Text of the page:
Displaced Iraqi Christians in America have said that this Christmas
they will be praying for relatives still living in their homeland.
On a recent overcast Sunday morning in northwest Chicago, the pews of
the small wood-panelled St Ephrem Chaldean Catholic Church were filled
to overflowing. Among the rows of Massgoers sat Firaz Rassam and her
After the Mass, Rassam and her sister, Victoria Rassam, said they
“pray, pray that (Victoria’s) children would be able to get out (of
northern Iraq) in time” before any major ISIS attack or any other
conflict reaches their neighbourhood in Ankawa, a Christian hub in the
Kurdish region. Firaz Rassam, who arrived in Chicago in September, said
this year she would not be able to celebrate Christmas “with the type of
happiness that (her family) normally would celebrate.”
Speaking through their nephew who interpreted from their native
dialect, an Aramaic derivative, Firaz Rassam, 44, told Catholic News
Service (CNS) that she and her three children came ahead of her husband
after her other sister, Fairuz Rassam, sent for her.
“The environment over there,” said Firaz Rassam, who used to be a
librarian. “There’s no electricity. It’s dangerous. There’s no work. I
want to have a better future for my kids.”
Victoria Rassam, 56, who migrated to Chicago two years ago, was still
waiting for her family to come. She said all she could do was pray and
that she was “really hoping” she would see her children again soon.
“This Christmas we will celebrate by going to midnight Mass and praying for them,” said Victoria Rassam.
Since the second Gulf War in 2003, oil-rich Iraq has been unstable
with ethnic and religious conflicts that have given rise to various
terror organisations, including ISIS. Many Christians migrated; others
fled ISIS and other terror organisations.
Deacon Hameed Shabila, a long-time Chicago resident who works
at St Ephrem, told CNS his siblings in the Baghdad area have not been
able to attend midnight Mass for years because it is not safe. He said
the churches are heavily guarded by armed forces after dark.
Deacon Shabila, who has asked that his siblings be allowed to come to
the US, said it was also around Christmas time that one parishioner’s
adult son was killed in Iraq 10 years ago. Shabila served as interpreter
for the parishioner, Maria Yonan.
Yonan said she fled Iraq with her daughter-in-law and two grandsons
immediately after her son was killed when he was celebrating on New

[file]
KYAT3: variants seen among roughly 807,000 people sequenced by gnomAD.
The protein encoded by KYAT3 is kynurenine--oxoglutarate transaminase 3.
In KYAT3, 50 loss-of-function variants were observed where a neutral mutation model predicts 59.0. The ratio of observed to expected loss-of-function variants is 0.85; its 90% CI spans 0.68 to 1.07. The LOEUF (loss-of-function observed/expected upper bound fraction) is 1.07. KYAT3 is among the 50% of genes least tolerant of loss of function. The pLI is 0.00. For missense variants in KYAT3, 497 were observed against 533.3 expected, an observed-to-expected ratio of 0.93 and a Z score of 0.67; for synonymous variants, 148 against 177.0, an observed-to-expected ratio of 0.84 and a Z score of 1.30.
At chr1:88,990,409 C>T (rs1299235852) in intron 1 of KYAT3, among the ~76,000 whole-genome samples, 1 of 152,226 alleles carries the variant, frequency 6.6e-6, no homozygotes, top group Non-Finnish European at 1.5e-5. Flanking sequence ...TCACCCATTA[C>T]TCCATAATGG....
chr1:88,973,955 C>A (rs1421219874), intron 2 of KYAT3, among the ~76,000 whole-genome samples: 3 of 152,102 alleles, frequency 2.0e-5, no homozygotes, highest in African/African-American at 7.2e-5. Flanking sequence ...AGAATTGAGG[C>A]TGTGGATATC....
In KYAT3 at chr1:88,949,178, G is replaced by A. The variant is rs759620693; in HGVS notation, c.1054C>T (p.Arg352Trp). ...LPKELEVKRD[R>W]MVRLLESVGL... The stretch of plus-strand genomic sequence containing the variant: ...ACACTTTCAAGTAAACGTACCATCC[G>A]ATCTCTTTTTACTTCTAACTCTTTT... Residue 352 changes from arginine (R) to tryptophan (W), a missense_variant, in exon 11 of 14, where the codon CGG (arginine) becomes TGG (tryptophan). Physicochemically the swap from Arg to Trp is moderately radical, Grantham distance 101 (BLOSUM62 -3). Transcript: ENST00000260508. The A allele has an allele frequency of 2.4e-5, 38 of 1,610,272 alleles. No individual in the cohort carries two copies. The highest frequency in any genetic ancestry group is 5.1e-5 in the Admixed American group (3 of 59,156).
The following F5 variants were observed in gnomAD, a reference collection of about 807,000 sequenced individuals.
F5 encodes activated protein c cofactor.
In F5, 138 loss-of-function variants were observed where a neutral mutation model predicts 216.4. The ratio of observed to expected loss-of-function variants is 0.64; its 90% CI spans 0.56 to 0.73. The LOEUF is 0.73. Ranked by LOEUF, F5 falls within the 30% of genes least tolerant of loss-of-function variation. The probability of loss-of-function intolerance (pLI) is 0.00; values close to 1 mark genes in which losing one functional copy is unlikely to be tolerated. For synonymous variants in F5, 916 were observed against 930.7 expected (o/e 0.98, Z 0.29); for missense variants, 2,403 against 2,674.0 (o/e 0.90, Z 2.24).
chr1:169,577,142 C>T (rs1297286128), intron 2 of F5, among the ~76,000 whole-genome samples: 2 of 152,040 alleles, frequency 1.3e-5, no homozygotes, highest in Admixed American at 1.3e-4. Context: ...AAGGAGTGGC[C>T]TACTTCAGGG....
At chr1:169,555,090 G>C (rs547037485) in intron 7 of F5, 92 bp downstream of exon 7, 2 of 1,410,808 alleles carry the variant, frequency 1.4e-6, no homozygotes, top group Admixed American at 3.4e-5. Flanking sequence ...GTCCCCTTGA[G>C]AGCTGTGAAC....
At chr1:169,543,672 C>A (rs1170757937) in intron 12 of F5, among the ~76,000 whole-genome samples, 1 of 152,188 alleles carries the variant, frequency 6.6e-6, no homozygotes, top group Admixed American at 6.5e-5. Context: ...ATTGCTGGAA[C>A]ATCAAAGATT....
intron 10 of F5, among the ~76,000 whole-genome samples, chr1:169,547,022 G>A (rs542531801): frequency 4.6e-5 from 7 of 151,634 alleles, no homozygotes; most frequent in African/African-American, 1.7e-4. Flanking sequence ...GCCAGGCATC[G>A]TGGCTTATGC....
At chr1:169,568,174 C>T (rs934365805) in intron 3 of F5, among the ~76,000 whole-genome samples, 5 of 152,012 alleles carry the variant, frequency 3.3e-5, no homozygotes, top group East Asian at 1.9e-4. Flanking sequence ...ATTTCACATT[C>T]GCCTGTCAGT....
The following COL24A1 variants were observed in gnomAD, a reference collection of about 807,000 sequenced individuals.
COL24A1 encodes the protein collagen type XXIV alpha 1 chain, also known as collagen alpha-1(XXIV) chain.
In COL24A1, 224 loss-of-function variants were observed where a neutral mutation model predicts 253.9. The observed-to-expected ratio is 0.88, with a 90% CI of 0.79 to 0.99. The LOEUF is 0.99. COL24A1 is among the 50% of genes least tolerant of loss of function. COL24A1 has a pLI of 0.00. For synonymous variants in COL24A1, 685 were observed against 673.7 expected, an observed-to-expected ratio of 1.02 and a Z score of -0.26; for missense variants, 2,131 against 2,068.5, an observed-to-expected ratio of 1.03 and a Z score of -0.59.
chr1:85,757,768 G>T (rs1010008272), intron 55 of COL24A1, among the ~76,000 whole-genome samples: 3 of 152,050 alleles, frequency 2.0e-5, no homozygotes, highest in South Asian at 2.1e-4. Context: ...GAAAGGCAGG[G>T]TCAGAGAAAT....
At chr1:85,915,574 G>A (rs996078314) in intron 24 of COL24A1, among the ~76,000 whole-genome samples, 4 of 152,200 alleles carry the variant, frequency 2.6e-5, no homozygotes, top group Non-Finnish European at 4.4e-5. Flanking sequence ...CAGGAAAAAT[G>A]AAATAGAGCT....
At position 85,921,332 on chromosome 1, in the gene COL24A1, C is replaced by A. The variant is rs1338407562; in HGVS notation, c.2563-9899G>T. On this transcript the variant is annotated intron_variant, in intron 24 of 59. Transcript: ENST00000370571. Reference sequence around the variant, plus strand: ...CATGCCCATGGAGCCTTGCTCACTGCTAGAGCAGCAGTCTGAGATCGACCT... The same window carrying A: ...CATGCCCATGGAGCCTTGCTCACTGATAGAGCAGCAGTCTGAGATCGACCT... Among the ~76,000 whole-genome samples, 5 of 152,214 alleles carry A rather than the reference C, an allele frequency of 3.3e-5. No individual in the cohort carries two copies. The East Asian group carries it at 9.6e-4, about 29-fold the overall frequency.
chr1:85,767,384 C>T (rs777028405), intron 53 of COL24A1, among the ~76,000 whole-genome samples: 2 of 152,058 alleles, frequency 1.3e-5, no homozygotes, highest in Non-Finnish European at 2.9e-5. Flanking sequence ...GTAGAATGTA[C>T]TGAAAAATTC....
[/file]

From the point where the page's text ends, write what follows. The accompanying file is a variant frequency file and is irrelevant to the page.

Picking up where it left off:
Year’s. The 77-year old widow was hesitant to speak with CNS and feared
for her grandsons’ safety as she described how a group she called
terrorists attacked her son and his friends.
Yonan and her daughter-in-law spent a couple of years as refugees in
Syria, trying to get to Australia, where her daughter-in-law has family.
But the wait was too long and they decided to come to the US, which was
readily accepting refugees. Her daughter also came to the US as a
refugee and is living in California, but one other daughter stayed
behind with her own family.
Yonan, who recently became a US citizen and lives in low-income
housing, said at Christmas she likes to go to midnight Mass at St
Ephrem, where she can be with people who speak her language. She has
tried to keep up some of the same Christmas traditions that her family
kept in Iraq.
Yonan said every Christmas her grandsons visit and she makes special
Christmas sweet called klecha, a treat that “makes people happy” and
signifies a joyful time. But this year, Yonan said she was not planning
to make the sweets because she is in mourning after the November 25
death of her son-in-law, who suffered a heart attack in Baghdad.
Hazim Maryaqo and his family also will not be celebrating Christmas
this year because of the death from illness of his brother in Baghdad.
Maryaqo, 49, arrived in the Detroit area on October 4 with his pregnant
wife and three children, all younger than eight.
In a phone interview with CNS, he said through an interpreter that
when the family was living as refugees in Turkey during the two years
before coming to the US, “there was no (Christmas) celebration.”
“The three or four (Christian) families that were around us, they
came to our house, we went to their house. That was as simple as we
could do,” said Maryaqo, who was threatened with death at his family
pastry shop in central Baghdad for selling certain cakes with liqueur in
Maryaqo said now that he is in Michigan, his family tries to go to
Mass often, but sometimes trying to find transportation is tough. He
said he is hoping to find work as a pastry chef so that the family can
have some stability and get to church more regularly. But he also
expressed anxiety about the safety of his elderly father and siblings
left behind in Baghdad.
“I will never go back to Iraq, but I hope I can bring my family here,” he said.
Going to Christmas midnight Mass was something that Eevyan Hanoon said
she longed for when she lived with her husband and toddler for three
years at a refugee camp in Turkey. She told CNS by phone that she made
klecha and tried to make the most of the season. But something was
“The difference at Christmastime was the Eucharist. I missed taking
the Eucharist. I was with two church choirs in Mosul (Iraq),” said
Hanoon, 28. “This is the most important thing in our life. We have not
missed a single Sunday” since arriving in Michigan in September.
In Chicago, the Rassam sisters’ nephew, Rakan Kunda, said even if his
own family has been living in the US for two decades, they “always
remember … family back home” at Christmas time.
“We think about them,” said Kunda, 26. “We pray for them but there’s nothing we can do at this point. Until all this is over.”